- Message from the Co-Chairmen (Winter 2013):
- Special Section: Habit, Change & Accountability
- Why Change Is Hard
- Who Cares about Your Habits?
- Is It Really Possible to Change Your Habits?
- Behavior-Based Safety vs. Safety Culture
- Canada Ends Hold-Out, Embraces Global Asbestos Ban
- Mindful Eating: Think Before You Bite
- PPACA Rulemaking Accelerates
- Prior Training Key to Successful PPE Use after 9/11
- Suicide Season Is 12 Months Long
- The Really Bad News about Belly Fat
- Crisscross (Winter 2013)
Suicide Season Is 12 Months Long
Myth: Suicides spike around the holidays.
Fact: The suicide rate is actually lowest in December. It peaks during spring and fall. Suicides are a major public health problem year-round.
Depression and Suicide
Depression is a serious illness. Untreated, it can sometimes contribute to suicide. If you or someone you know is depressed, get help.
See if you have access to a Member Assistance Program (MAP). Your health and welfare fund may also provide benefits.
Annually, more than 36,000 Americans and 4,000 Canadians take their own lives. Another 374,000 report making an attempt. The resulting medical and lost work costs – $34.6 billion annually in the U.S. alone – do not take into account the toll exacted on family, friends and colleagues who may need counseling and time away from work. In addition to grief, they may blame themselves for not seeing warning signs or for not intervening successfully. If they regard suicide as a selfish act, they also struggle with anger.
People who commit suicide usually do so because they are experiencing intense pain that, physically or emotionally, overwhelms them. A Journal of Psychiatric Research study finds that people who are suicidal often have decreased levels of serotonin, the chemical in the brain that contributes to feelings of wellbeing. Often, they are under the tragic belief that, in taking their own lives, they are doing family and friends a favor. With professional treatment, most problems can be addressed in ways that may help someone considering suicide to find reasons to go on living.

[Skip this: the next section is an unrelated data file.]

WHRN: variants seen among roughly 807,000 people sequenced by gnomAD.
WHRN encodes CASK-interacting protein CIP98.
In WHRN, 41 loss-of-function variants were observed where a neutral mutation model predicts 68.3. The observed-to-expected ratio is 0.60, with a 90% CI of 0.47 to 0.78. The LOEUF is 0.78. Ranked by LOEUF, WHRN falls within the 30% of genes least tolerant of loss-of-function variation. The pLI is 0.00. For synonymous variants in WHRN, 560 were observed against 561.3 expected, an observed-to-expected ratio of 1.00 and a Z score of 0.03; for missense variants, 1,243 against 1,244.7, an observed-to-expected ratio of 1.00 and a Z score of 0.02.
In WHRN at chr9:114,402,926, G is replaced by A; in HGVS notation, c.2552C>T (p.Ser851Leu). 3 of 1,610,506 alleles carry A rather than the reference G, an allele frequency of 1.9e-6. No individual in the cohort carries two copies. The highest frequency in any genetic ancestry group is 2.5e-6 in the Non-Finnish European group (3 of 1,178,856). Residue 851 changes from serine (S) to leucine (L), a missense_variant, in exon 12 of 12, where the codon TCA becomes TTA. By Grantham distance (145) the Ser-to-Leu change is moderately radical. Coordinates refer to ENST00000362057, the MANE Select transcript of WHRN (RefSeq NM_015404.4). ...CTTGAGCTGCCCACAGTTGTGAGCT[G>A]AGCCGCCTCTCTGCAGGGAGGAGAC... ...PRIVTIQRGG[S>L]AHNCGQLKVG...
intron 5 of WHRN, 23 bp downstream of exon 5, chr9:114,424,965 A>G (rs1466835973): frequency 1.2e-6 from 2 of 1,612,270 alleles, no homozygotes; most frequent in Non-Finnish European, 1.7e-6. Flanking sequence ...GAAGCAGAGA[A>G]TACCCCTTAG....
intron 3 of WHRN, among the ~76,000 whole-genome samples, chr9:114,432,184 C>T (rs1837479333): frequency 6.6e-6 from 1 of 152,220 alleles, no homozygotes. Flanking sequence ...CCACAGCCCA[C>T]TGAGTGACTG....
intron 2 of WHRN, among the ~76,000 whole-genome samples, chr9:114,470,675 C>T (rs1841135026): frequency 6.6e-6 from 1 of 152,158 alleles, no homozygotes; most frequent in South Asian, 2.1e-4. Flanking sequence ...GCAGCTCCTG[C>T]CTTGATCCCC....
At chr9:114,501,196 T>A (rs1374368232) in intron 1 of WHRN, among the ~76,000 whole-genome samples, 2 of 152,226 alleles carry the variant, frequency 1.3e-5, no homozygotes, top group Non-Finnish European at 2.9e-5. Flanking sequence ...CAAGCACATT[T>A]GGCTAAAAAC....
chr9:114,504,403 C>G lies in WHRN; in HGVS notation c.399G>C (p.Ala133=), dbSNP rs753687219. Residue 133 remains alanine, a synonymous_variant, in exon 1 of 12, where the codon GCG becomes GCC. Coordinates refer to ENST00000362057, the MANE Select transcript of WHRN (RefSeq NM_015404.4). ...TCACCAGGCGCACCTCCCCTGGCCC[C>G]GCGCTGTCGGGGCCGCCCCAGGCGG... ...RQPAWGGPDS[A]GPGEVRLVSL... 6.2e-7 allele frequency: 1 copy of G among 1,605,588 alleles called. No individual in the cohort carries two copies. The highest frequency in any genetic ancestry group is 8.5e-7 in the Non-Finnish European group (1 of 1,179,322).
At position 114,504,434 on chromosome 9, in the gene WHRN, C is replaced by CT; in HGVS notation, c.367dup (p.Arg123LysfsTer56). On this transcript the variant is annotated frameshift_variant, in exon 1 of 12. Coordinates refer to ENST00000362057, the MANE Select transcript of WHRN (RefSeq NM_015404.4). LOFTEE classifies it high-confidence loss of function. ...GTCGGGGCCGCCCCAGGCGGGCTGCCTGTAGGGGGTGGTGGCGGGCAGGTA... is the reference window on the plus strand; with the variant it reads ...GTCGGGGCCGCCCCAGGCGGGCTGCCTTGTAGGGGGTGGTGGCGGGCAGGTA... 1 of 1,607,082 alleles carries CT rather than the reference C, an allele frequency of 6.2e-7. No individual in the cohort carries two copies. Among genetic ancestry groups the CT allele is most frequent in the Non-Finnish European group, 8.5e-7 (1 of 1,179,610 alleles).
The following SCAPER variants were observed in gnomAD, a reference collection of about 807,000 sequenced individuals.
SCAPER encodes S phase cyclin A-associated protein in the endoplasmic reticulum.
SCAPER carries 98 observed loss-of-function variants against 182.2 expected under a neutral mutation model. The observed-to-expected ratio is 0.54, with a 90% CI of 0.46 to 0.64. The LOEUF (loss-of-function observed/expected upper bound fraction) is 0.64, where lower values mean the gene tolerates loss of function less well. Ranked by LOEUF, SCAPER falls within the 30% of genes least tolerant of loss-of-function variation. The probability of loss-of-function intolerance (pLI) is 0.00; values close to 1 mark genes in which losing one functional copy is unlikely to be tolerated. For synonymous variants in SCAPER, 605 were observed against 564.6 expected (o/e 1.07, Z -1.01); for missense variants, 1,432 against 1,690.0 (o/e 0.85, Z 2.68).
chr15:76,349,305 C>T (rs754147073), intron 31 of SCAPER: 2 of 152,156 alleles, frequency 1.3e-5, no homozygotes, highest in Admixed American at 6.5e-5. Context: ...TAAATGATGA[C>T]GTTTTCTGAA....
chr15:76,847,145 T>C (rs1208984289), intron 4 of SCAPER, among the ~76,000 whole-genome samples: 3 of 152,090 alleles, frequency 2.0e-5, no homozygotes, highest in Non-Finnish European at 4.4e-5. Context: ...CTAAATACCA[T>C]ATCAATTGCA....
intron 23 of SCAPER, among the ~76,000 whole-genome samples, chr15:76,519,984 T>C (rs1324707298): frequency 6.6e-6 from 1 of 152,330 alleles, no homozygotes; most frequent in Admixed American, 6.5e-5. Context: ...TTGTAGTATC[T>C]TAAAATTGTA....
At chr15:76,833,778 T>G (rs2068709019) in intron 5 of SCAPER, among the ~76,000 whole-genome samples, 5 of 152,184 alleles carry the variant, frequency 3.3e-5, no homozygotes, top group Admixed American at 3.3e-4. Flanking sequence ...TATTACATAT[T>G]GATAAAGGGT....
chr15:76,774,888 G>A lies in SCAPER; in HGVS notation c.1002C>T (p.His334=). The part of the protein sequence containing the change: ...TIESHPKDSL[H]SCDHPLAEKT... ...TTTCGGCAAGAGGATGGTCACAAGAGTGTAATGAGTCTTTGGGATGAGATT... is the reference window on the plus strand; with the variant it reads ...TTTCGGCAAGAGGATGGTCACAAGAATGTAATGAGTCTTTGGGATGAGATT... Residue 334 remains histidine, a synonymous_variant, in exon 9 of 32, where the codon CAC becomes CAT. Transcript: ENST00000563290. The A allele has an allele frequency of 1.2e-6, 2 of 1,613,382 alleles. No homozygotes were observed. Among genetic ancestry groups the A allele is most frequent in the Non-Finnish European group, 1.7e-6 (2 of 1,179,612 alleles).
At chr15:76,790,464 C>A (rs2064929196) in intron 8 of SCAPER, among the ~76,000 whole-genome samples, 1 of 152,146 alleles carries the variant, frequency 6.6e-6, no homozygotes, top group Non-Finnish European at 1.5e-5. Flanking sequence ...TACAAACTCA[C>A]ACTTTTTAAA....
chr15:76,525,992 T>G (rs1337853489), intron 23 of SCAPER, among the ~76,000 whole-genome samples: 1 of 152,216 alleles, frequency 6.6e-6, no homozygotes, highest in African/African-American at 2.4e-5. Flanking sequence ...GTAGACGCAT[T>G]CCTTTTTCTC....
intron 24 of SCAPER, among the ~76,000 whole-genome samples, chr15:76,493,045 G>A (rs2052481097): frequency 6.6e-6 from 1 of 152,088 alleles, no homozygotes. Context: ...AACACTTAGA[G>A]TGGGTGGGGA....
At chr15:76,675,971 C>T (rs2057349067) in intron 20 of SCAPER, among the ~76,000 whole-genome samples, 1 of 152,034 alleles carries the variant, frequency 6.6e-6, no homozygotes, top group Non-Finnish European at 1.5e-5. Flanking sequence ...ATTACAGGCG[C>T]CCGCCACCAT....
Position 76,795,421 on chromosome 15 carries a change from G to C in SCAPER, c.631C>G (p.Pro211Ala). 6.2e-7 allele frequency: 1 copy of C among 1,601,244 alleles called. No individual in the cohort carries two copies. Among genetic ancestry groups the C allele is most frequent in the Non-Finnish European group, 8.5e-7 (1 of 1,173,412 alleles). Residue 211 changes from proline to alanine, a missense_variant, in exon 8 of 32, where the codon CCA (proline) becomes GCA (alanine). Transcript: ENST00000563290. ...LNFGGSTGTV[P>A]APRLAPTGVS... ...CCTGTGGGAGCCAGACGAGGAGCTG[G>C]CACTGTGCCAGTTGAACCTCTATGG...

Warning signs that someone may be considering suicide include:
- Difficulty concentrating
- Giving away belongings
- Talking about going away or the need to "get my affairs in order"
- Suddenly changing behavior, especially calmness after a period of anxiety
- Losing interest in activities
- Engaging in self-destructive behaviors such as heavily drinking alcohol, using illegal drugs, cutting themselves
- Isolating oneself
- Suddenly having trouble in school or at work
- Talking about death or suicide
- Talking about feeling hopeless or guilty
- Changing sleep or eating habits
- Arranging ways to take one's own life (such as buying a gun or stockpiling pills)
If you are having thoughts about suicide or if you suspect that someone you know is considering suicide, get help immediately. The National Suicide Prevention Lifeline, a toll-free, confidential hotline, provides 24/7 assistance to anyone in suicidal crisis or anyone in emotional distress. 1-800-273-TALK (8255) connects you to the crisis center nearest you. These centers provide counseling and mental health referrals.
Call 9-1-1 if someone you know has made a suicide attempt. If you are with the person, stay there until help arrives.
Those who talk about killing themselves should be taken seriously. People who have attempted suicide are very likely to try again.
Don't be afraid to ask someone if he or she is thinking about suicide. If the answer is no but you believe otherwise, go with your gut and seek assistance. In matters of life and death, erring on the side of caution is always correct.
[Janet Lubman Rathner]